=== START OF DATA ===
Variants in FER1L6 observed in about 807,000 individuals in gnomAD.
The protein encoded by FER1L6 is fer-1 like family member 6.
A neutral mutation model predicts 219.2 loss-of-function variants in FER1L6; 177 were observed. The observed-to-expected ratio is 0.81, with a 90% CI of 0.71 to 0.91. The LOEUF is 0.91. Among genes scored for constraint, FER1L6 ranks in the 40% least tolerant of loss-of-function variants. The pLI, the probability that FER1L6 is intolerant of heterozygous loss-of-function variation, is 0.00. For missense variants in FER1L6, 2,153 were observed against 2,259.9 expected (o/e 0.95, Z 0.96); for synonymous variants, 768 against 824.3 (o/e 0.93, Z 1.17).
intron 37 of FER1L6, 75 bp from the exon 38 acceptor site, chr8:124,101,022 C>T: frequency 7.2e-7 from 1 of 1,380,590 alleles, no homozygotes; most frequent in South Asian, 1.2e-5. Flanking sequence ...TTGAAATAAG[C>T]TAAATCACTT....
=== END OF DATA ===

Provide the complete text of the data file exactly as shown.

Variants in FER1L6 observed in about 807,000 individuals in gnomAD.
The protein encoded by FER1L6 is fer-1 like family member 6.
A neutral mutation model predicts 219.2 loss-of-function variants in FER1L6; 177 were observed. The observed-to-expected ratio is 0.81, with a 90% CI of 0.71 to 0.91. The LOEUF is 0.91. Among genes scored for constraint, FER1L6 ranks in the 40% least tolerant of loss-of-function variants. The pLI, the probability that FER1L6 is intolerant of heterozygous loss-of-function variation, is 0.00. For missense variants in FER1L6, 2,153 were observed against 2,259.9 expected (o/e 0.95, Z 0.96); for synonymous variants, 768 against 824.3 (o/e 0.93, Z 1.17).
intron 37 of FER1L6, 75 bp from the exon 38 acceptor site, chr8:124,101,022 C>T: frequency 7.2e-7 from 1 of 1,380,590 alleles, no homozygotes; most frequent in South Asian, 1.2e-5. Flanking sequence ...TTGAAATAAG[C>T]TAAATCACTT....